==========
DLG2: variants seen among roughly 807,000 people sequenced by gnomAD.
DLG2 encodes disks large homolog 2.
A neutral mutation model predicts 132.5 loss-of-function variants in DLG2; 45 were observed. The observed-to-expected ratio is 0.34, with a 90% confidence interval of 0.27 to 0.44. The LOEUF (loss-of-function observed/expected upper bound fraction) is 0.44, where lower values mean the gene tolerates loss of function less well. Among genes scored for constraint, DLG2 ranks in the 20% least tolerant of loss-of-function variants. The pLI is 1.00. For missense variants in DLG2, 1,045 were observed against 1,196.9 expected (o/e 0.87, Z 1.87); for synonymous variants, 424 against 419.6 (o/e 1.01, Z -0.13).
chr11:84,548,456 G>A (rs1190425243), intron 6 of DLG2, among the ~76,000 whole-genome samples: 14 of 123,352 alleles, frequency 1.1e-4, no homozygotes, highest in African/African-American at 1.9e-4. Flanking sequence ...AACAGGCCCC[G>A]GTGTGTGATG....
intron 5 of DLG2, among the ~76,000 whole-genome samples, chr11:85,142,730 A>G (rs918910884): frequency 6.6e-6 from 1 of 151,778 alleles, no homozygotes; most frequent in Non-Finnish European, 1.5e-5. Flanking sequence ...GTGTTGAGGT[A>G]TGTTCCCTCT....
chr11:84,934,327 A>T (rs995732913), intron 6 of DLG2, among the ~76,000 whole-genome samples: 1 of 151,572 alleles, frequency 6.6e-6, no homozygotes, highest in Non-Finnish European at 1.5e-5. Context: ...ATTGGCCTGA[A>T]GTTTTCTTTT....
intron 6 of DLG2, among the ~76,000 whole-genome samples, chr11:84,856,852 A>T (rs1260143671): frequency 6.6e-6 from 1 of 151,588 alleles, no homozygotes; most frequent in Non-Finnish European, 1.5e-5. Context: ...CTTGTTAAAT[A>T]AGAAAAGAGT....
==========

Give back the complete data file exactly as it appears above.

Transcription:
DLG2: variants seen among roughly 807,000 people sequenced by gnomAD.
DLG2 encodes disks large homolog 2.
A neutral mutation model predicts 132.5 loss-of-function variants in DLG2; 45 were observed. The observed-to-expected ratio is 0.34, with a 90% confidence interval of 0.27 to 0.44. The LOEUF (loss-of-function observed/expected upper bound fraction) is 0.44, where lower values mean the gene tolerates loss of function less well. Among genes scored for constraint, DLG2 ranks in the 20% least tolerant of loss-of-function variants. The pLI is 1.00. For missense variants in DLG2, 1,045 were observed against 1,196.9 expected (o/e 0.87, Z 1.87); for synonymous variants, 424 against 419.6 (o/e 1.01, Z -0.13).
chr11:84,548,456 G>A (rs1190425243), intron 6 of DLG2, among the ~76,000 whole-genome samples: 14 of 123,352 alleles, frequency 1.1e-4, no homozygotes, highest in African/African-American at 1.9e-4. Flanking sequence ...AACAGGCCCC[G>A]GTGTGTGATG....
intron 5 of DLG2, among the ~76,000 whole-genome samples, chr11:85,142,730 A>G (rs918910884): frequency 6.6e-6 from 1 of 151,778 alleles, no homozygotes; most frequent in Non-Finnish European, 1.5e-5. Flanking sequence ...GTGTTGAGGT[A>G]TGTTCCCTCT....
chr11:84,934,327 A>T (rs995732913), intron 6 of DLG2, among the ~76,000 whole-genome samples: 1 of 151,572 alleles, frequency 6.6e-6, no homozygotes, highest in Non-Finnish European at 1.5e-5. Context: ...ATTGGCCTGA[A>T]GTTTTCTTTT....
intron 6 of DLG2, among the ~76,000 whole-genome samples, chr11:84,856,852 A>T (rs1260143671): frequency 6.6e-6 from 1 of 151,588 alleles, no homozygotes; most frequent in Non-Finnish European, 1.5e-5. Context: ...CTTGTTAAAT[A>T]AGAAAAGAGT....